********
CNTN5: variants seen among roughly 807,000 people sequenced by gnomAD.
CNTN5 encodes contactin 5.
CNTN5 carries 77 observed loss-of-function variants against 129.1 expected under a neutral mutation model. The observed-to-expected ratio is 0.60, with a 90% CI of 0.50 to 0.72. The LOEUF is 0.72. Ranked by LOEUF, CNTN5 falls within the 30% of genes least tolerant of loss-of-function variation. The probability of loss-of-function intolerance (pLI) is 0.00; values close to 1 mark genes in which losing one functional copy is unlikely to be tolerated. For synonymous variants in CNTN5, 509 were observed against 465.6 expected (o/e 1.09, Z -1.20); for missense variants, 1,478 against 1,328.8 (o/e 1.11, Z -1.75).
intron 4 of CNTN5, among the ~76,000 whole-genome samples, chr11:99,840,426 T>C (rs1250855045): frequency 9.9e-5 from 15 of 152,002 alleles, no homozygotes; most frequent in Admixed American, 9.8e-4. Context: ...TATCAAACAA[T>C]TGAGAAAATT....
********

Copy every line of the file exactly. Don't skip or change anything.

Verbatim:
CNTN5: variants seen among roughly 807,000 people sequenced by gnomAD.
CNTN5 encodes contactin 5.
CNTN5 carries 77 observed loss-of-function variants against 129.1 expected under a neutral mutation model. The observed-to-expected ratio is 0.60, with a 90% CI of 0.50 to 0.72. The LOEUF is 0.72. Ranked by LOEUF, CNTN5 falls within the 30% of genes least tolerant of loss-of-function variation. The probability of loss-of-function intolerance (pLI) is 0.00; values close to 1 mark genes in which losing one functional copy is unlikely to be tolerated. For synonymous variants in CNTN5, 509 were observed against 465.6 expected (o/e 1.09, Z -1.20); for missense variants, 1,478 against 1,328.8 (o/e 1.11, Z -1.75).
intron 4 of CNTN5, among the ~76,000 whole-genome samples, chr11:99,840,426 T>C (rs1250855045): frequency 9.9e-5 from 15 of 152,002 alleles, no homozygotes; most frequent in Admixed American, 9.8e-4. Context: ...TATCAAACAA[T>C]TGAGAAAATT....